You must complete a Form 95 (Statement of Claim) and send it to the proper government parties. You then need to wait 6 months before filing a lawsuit. After that time period expires, you can sue the U.S.
What happens if you’ve already filed a Form 95 against the United States government, but now you want to increase your damages amount?
As long as the claim is still in the administrative phase, is within the SOL, and has not been denied, you can amend it at any time under 28 CFR 14.2(c).
What’s the downside to amending the form 95?
You have to wait another 6 months before you can file a lawsuit. This is because it will trigger a new pre-suit investigatory window for the government.
Can You Recover More Money Against the Federal Government than the Amount Claimed as “Sum Certain” on the Form 95?
Yes, if you can show that“the increased amount is based upon newly discovered evidence not reasonably discoverable at the time of presenting the claim to the federal agency, or upon allegation and proof of intervening facts, relating to the amount of the claim”, under 28 USC 2675(b). See McDonald v. US, 555 F.Supp. 935 (M.D. Pa. 1983); Fraysier v. US, 566 F.Supp.1085 (S.D. Fla. 1983).
That said, if you try to get more money at trial than put on the Form 95, the burden is hard. However, there no strict rule that prevents you from getting more money at trial than you have demanded as a “sum certain” in the Form 95 admin claim. Again, this assumes that you can meet the above burden.
Medical Malpractice Victims in Florida Usually Have 2 Years to Sue
If you have a medical malpractice claim, then Florida Statute 95.11(4)(b) states the applicable time frame to sue. The time limitation starts from the time the cause of action is discovered or should have been discovered with the exercise of due diligence.
But there are exceptions as well as pre-suit notice requirements.
If you are making a professional negligence claim, then Florida Statute 95.11(4)(a) says that you have to years to sue. The time limitation starts from the time the negligence is discovered or should have been discovered with the exercise of due diligence.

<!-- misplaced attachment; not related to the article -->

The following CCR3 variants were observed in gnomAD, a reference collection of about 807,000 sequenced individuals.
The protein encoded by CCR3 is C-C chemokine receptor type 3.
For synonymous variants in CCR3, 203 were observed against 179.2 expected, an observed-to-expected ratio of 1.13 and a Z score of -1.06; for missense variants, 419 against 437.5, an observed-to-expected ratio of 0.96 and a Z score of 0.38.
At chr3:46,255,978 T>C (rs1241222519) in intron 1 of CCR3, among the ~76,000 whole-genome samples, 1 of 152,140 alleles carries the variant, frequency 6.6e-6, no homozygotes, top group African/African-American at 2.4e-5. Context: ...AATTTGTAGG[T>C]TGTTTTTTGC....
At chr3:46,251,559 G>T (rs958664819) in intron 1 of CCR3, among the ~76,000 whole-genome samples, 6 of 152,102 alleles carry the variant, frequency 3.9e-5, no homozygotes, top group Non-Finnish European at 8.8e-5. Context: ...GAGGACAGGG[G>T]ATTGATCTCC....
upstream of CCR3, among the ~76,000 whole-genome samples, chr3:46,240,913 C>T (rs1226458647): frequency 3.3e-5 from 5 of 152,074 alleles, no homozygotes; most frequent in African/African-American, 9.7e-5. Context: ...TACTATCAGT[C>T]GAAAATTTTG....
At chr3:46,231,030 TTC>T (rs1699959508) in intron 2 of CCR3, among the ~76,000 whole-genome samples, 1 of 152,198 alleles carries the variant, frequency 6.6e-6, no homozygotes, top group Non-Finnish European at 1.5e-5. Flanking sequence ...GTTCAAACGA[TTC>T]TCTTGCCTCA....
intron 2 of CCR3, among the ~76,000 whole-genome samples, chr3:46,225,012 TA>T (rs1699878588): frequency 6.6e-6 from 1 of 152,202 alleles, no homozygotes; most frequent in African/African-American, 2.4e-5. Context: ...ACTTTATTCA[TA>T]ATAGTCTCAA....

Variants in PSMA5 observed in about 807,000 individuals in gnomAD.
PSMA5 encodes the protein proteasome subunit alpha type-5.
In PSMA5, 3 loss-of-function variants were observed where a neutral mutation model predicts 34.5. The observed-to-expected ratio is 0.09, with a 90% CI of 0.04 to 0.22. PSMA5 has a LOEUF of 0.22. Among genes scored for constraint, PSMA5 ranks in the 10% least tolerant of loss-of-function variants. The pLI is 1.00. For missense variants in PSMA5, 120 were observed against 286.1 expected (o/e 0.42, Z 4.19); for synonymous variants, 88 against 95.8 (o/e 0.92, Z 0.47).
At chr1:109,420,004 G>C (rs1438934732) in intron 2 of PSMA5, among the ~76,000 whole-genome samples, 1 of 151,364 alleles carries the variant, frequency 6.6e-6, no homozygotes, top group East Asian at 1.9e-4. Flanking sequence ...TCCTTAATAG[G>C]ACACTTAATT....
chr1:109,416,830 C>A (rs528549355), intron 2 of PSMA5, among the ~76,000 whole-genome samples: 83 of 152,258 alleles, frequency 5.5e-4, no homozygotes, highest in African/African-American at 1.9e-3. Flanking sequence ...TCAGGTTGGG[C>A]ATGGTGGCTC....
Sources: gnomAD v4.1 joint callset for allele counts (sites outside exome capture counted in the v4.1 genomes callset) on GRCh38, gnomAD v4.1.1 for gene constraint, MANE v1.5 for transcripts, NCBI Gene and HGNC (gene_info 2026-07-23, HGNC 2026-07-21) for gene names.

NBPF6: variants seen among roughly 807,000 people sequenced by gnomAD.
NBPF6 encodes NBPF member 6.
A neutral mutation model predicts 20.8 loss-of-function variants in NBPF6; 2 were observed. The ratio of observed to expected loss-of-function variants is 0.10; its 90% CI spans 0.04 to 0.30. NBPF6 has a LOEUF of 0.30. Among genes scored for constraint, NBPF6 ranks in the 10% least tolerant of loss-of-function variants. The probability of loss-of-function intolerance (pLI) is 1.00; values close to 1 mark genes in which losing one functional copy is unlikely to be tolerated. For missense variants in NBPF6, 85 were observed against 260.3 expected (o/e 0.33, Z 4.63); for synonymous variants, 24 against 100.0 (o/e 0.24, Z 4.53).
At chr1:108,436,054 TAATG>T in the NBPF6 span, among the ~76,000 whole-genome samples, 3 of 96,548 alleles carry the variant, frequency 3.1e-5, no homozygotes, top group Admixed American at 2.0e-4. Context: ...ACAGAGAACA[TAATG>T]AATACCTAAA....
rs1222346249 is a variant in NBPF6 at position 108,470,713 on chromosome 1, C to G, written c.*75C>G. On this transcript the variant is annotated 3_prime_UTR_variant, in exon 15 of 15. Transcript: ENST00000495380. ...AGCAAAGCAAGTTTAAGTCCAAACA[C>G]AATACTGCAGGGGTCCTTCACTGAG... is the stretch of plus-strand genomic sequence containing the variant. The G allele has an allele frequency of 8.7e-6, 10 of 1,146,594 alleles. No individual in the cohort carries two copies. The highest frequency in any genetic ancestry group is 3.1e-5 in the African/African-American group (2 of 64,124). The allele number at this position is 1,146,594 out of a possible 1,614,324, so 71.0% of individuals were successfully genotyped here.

This means that you have 2 years to sue, an attorney or accountant, for professional negligence.
Time Limit to Make a Claim for an Accident While Working
Is There a Timeline for a Federal Employee to File a Claim for Injury?
The Federal Employees’ Compensation Act (FECA) provides that a claim for compensation must be filed within 3 years of the date of injury. This “workers compensation” law applies to federal employees. Therefore, it doesn’t apply to state employees.
Moreover, a FECA compensation claim is in addition to a personal injury claim against someone whose negligence caused the federal employees’ injury or death.
For a traumatic injury, the statutory time limitation to bring a FECA claim begins to run from the date of injury.
If a claim is not filed within 3 years, compensation may still be paid if written notice of injury was given within 30 days or if the employer had actual knowledge of the injury within 30 days after it occurred.
There is nothing to prohibit the federal employee from filing the claim. Timeliness is determined by the OWCP district office as part of the adjudication process. 5 U.S.C. § 8122; 20 C.F.R. §§ 10.100-10.101.
Did someone’s carelessness cause your injury in an accident in Florida, or on a cruise or boat?
I want to represent you if you were injured in an accident in Florida, on a cruise ship or boat. If you live in Florida but were injured in another state we may also be able to represent you.
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Editor’s Note: This post was originally published in 2013 and has been completely revamped and updated.